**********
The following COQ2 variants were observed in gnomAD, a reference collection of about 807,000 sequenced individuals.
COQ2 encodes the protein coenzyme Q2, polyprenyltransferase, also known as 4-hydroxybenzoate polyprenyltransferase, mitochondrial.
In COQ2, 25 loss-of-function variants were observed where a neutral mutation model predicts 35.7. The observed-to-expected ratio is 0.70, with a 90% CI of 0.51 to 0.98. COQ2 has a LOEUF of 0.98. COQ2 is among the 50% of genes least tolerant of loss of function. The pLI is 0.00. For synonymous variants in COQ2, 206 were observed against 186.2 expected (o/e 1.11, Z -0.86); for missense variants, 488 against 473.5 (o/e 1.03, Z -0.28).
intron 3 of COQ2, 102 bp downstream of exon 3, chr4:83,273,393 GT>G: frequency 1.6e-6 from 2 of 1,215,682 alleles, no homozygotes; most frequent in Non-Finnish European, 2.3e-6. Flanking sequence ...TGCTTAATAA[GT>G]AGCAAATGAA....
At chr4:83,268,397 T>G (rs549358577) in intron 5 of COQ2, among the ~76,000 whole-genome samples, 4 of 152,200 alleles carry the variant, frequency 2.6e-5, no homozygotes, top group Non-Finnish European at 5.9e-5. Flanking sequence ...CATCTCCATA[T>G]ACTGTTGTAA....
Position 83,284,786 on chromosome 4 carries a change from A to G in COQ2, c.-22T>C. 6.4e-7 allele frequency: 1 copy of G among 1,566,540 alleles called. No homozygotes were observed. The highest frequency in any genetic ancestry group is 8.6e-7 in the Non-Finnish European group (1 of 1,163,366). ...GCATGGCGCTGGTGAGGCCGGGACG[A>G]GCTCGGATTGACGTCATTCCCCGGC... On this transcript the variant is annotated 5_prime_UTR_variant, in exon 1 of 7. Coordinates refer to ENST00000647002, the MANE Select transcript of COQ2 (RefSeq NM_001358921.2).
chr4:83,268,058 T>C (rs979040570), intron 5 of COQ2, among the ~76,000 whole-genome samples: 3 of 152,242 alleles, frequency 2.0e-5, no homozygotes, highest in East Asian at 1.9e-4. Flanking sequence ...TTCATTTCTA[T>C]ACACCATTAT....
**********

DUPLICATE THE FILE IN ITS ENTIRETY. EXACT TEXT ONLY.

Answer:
The following COQ2 variants were observed in gnomAD, a reference collection of about 807,000 sequenced individuals.
COQ2 encodes the protein coenzyme Q2, polyprenyltransferase, also known as 4-hydroxybenzoate polyprenyltransferase, mitochondrial.
In COQ2, 25 loss-of-function variants were observed where a neutral mutation model predicts 35.7. The observed-to-expected ratio is 0.70, with a 90% CI of 0.51 to 0.98. COQ2 has a LOEUF of 0.98. COQ2 is among the 50% of genes least tolerant of loss of function. The pLI is 0.00. For synonymous variants in COQ2, 206 were observed against 186.2 expected (o/e 1.11, Z -0.86); for missense variants, 488 against 473.5 (o/e 1.03, Z -0.28).
intron 3 of COQ2, 102 bp downstream of exon 3, chr4:83,273,393 GT>G: frequency 1.6e-6 from 2 of 1,215,682 alleles, no homozygotes; most frequent in Non-Finnish European, 2.3e-6. Flanking sequence ...TGCTTAATAA[GT>G]AGCAAATGAA....
At chr4:83,268,397 T>G (rs549358577) in intron 5 of COQ2, among the ~76,000 whole-genome samples, 4 of 152,200 alleles carry the variant, frequency 2.6e-5, no homozygotes, top group Non-Finnish European at 5.9e-5. Flanking sequence ...CATCTCCATA[T>G]ACTGTTGTAA....
Position 83,284,786 on chromosome 4 carries a change from A to G in COQ2, c.-22T>C. 6.4e-7 allele frequency: 1 copy of G among 1,566,540 alleles called. No homozygotes were observed. The highest frequency in any genetic ancestry group is 8.6e-7 in the Non-Finnish European group (1 of 1,163,366). ...GCATGGCGCTGGTGAGGCCGGGACG[A>G]GCTCGGATTGACGTCATTCCCCGGC... On this transcript the variant is annotated 5_prime_UTR_variant, in exon 1 of 7. Coordinates refer to ENST00000647002, the MANE Select transcript of COQ2 (RefSeq NM_001358921.2).
chr4:83,268,058 T>C (rs979040570), intron 5 of COQ2, among the ~76,000 whole-genome samples: 3 of 152,242 alleles, frequency 2.0e-5, no homozygotes, highest in East Asian at 1.9e-4. Flanking sequence ...TTCATTTCTA[T>C]ACACCATTAT....